Given a finite indexing-set $I$ and a collection $P = \{P_i: \ i \in I\}$ of points in the plane no three of which are collinear, let $I_{(3)}$ denote the set of ordered triples of distinct elements of $I$, and let $f_P$ be the function from $I_{(3)}$ to $\{1,-1\}$ such that $f_P(i,j,k)$ is 1 (resp. $-1$) if the points $p_i,p_j,p_k$ lie in counterclockwise (resp. clockwise) order on the circle going through the three points. Call an $f$ that is of the form $f_P$ for some $P$ “achievable”. Is achievability a local condition, in the sense that there exists a fixed $k$ with the property that a function $f: I_{(3)} \rightarrow \{1,-1\}$ is achievable iff its restriction to $I’_{(3)}$ is achievable for all $k$-element subsets $I’ \subseteq I$?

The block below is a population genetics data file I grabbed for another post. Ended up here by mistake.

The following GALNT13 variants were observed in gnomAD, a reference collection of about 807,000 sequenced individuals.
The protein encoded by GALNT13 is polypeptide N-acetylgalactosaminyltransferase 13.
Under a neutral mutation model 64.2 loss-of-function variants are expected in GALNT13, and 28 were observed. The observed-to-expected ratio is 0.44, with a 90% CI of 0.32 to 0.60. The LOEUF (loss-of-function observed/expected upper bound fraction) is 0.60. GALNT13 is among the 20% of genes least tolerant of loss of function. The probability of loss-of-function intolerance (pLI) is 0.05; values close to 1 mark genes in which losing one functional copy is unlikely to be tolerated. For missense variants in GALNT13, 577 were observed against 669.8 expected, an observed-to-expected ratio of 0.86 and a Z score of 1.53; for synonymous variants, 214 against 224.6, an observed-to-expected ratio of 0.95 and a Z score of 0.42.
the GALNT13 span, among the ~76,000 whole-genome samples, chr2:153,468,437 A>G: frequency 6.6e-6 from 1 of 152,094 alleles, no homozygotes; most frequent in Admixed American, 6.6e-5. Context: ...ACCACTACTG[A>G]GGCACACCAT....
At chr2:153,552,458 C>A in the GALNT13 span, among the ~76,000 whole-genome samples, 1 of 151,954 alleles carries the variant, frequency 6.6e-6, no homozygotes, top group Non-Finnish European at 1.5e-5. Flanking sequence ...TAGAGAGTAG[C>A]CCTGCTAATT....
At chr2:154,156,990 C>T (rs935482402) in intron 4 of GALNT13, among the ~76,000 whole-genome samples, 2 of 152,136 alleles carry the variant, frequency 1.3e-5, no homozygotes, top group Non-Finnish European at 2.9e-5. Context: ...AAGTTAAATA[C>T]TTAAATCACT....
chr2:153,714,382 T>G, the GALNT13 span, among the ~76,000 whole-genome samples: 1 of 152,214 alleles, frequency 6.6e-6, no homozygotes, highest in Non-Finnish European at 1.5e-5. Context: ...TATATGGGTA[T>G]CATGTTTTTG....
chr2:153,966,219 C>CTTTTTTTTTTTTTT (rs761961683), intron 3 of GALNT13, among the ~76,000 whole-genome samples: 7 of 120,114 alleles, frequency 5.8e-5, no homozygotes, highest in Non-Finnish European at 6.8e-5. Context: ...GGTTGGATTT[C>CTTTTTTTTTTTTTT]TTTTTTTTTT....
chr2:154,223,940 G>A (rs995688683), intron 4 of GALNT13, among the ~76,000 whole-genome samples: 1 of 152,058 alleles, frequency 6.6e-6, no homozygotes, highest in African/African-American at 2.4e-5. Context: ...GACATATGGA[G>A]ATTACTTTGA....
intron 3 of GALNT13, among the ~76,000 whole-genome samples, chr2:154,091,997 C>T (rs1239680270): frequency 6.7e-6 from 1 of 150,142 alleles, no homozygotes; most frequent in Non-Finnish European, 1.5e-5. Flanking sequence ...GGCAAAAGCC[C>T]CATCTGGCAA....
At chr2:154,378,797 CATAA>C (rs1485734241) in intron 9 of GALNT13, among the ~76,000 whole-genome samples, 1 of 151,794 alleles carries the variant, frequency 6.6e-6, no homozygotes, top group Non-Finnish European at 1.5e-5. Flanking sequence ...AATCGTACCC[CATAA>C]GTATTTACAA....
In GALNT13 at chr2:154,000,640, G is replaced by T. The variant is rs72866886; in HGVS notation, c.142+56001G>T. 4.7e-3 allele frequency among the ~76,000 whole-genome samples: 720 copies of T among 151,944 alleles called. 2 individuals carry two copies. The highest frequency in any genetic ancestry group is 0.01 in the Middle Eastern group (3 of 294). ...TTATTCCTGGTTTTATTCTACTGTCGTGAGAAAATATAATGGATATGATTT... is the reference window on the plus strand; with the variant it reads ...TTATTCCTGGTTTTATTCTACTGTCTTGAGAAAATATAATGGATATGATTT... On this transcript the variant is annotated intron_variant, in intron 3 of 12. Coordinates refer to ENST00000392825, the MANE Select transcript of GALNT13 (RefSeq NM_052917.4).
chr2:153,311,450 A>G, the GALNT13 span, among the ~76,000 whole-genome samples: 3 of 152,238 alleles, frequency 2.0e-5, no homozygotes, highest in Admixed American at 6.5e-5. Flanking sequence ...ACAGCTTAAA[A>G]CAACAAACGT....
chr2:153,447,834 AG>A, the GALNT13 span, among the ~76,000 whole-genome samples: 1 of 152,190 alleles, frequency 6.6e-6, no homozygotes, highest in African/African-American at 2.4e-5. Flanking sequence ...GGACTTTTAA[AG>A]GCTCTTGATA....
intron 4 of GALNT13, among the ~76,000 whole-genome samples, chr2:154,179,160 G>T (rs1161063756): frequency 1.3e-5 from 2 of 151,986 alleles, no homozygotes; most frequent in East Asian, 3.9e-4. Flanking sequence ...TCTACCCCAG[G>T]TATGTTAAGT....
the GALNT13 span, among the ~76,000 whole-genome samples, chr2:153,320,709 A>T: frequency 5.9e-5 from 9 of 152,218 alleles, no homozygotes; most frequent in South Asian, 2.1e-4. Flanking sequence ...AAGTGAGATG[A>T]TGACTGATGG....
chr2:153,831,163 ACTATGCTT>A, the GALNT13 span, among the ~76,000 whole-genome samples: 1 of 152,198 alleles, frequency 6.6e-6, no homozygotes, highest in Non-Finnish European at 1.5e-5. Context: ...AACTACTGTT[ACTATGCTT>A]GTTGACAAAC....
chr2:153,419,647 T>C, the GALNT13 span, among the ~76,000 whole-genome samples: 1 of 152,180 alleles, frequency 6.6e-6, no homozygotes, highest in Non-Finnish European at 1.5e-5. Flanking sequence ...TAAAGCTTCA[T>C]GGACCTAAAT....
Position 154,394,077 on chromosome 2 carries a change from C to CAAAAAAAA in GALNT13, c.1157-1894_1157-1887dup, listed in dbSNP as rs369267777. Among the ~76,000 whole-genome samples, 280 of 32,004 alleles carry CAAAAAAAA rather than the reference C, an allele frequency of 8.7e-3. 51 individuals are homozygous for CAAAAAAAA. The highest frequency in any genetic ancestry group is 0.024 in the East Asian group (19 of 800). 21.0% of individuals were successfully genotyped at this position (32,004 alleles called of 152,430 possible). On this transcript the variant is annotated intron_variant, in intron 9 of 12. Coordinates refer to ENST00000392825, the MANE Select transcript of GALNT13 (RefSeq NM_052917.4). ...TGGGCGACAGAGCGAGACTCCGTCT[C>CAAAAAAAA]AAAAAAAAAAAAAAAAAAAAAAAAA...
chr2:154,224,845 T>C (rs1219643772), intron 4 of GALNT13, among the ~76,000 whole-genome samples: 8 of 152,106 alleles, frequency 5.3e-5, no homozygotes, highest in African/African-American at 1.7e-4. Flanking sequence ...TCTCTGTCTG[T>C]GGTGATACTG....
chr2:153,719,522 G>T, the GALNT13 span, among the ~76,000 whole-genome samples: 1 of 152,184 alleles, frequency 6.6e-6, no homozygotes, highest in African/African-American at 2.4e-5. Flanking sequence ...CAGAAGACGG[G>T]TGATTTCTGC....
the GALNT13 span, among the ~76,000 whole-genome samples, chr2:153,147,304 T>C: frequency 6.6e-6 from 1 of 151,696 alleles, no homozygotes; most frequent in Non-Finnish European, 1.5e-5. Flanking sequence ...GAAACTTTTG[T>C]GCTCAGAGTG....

The smallest unachievable $f$, with $|I|=4$, has $f(1,2,3)=f(1,4,2)=f(2,4,3)=f(3,4,1)$ (associated with the faces of a tetrahedron). To see why it can’t be achieved, note that the three lines through $P_1$, $P_2$, and $P_3$ divide the plane into seven regions; the specified $f$ would correspond to points in the eighth, nonexistent region.

This question is a sharpened version of my earlier question Axiomatizing orientation in the complex plane somewhat in the spirit of the question Arrangements of points in the plane .

threeof which are collinear? $\endgroup$